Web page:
2012 Mercedes-Benz SLS AMG Photo
/ 10
On Quality
$76,991 - $184,900
On Quality
As a gullwing, the 2012 Mercedes-Benz SLS rewards small bodies with balletic grace; the Roadster forgives big klutzes with limitless headroom, but neither model has much leg room or trunk space.
7.0 out of 10
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QUALITY | 7 out of 10

Expert Quotes:

there isn't a ton of space inside

legroom isn't terribly generous

if you're over five feet tall, you will repeatedly smash your head

always loud

The top rises or folds away in a tick over ten seconds...and [you] lose only a tenth of a cubic foot of storage space to the gullwing, while netting a much clearer view over the shoulder.
Motor Authority

The Mercedes SLS AMG won't ever be mistaken for one of the company's fine sedans--not even for the relatively compact SL or SLK roadsters.

There's just not much room inside either the SLS AMG gullwing or the roadster, though it's long, low, light and wide. Two medium-sized adults are it, and they should travel light.

At 183 inches long, with a wheelbase of 105.5 inches and an overall width of 76.3 inches, the SLS has the approximate dimensions of a C-Class four-door. Most of the length isn't left for passengers, though--it's left to the front-midship engine, with a short cabin for the driver and one rider. The SLS also is just under 50 inches tall, which makes headroom one of the few luxuries it doesn't offer. Leg room is even more lean, and most people will sense the lack of space when they try to adjust the SLS' power seats for more knee room.

With the Roadster roof lowered, the car's dimensions are easy to get around, and to get in. With the gullwings, it's a different story. You'll need to practice getting in and finding a comfortable spot: first, lean down to find the gullwing door handles, down by the sills, lift them without clocking yourself in the head, clamber in--again, watching out for the lower door panel. Hopping out requires the same thought and effort, and even so, we've still counted more than a handful of head-door collisions. For fun, you can open the gullwings under about 30 mph, but a warning beep suggests you consider otherwise.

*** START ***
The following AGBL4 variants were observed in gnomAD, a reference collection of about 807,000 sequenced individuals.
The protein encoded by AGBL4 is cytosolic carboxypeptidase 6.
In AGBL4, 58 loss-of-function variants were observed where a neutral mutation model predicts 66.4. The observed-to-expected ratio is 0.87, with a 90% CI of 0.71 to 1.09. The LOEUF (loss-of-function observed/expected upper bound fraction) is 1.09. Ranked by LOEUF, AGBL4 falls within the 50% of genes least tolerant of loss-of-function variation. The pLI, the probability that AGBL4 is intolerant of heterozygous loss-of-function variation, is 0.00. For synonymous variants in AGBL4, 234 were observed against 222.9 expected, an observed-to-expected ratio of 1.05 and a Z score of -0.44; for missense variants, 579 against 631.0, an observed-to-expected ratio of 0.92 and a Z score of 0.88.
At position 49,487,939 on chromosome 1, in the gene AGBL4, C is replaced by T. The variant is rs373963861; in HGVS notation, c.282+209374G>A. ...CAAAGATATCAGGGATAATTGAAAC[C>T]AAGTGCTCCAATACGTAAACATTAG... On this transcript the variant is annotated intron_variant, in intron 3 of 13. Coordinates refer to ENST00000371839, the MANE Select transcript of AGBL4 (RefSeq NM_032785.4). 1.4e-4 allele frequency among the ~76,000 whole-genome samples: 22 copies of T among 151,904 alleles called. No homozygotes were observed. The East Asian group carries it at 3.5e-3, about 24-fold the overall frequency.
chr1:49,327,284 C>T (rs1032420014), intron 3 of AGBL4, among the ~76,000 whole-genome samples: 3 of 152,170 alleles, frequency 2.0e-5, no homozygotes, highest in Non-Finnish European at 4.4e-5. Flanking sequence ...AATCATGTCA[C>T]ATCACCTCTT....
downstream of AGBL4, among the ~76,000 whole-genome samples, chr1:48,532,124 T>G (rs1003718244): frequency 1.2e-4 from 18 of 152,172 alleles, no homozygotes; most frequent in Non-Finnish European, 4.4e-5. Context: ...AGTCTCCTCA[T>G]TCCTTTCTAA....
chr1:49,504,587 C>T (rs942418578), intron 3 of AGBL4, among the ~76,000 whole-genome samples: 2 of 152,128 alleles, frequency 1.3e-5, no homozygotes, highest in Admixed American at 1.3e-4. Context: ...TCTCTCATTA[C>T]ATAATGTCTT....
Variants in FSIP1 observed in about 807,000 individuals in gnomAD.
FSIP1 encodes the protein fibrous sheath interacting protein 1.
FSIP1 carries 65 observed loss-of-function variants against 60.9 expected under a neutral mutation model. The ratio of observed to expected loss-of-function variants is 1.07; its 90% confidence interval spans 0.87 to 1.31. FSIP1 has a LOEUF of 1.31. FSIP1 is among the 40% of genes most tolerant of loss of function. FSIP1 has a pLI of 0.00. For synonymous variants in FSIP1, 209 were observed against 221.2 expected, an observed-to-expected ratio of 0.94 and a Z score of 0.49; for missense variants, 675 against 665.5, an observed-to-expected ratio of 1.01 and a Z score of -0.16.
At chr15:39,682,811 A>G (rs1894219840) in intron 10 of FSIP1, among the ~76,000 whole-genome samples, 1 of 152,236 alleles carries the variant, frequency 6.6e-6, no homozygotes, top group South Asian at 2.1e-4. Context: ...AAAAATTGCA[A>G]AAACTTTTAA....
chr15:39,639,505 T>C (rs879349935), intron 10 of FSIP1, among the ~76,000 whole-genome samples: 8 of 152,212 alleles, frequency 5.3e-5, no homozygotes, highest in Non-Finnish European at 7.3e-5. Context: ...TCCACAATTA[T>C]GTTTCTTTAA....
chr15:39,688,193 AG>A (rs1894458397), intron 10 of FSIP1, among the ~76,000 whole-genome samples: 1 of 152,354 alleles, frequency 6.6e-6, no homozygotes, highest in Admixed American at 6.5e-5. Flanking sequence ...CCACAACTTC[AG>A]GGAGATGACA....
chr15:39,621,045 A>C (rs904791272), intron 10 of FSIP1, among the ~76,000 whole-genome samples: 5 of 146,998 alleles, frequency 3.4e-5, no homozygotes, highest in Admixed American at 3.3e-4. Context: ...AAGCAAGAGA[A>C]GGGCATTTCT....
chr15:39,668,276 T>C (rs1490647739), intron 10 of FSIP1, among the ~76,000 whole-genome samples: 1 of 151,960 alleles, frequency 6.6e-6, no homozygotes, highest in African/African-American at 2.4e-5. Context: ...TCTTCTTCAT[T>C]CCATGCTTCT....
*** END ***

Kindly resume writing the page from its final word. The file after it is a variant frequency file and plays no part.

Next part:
Just shy of claustrophobic, the SLS AMG at least has a power-adjustable steering wheel, and the seats are large and very nicely stitched in fine leather, with firm bolsters. Storage is on the light side, with just a small glove box and a shallow console bin at close reach, and some netted pouches for other less precious items. The trunk's about what you'll expect: in either body, it's just more than 6 cubic feet, and will hold one set of golf clubs, or a couple of soft-sided bags.

Fit and finish is flawless, even with complex trim like carbon-fiber panels meeting up with chrome and leather. The SLS AMG is by no means quiet, though, and if you're looking for something that can't rattle the tiles off a deep mountain tunnel ceiling, maybe you'd be more interested in a CL55, anyway.



As a gullwing, the 2012 Mercedes-Benz SLS rewards small bodies with balletic grace; the Roadster forgives big klutzes with limitless headroom, but neither model has much leg room or trunk space.

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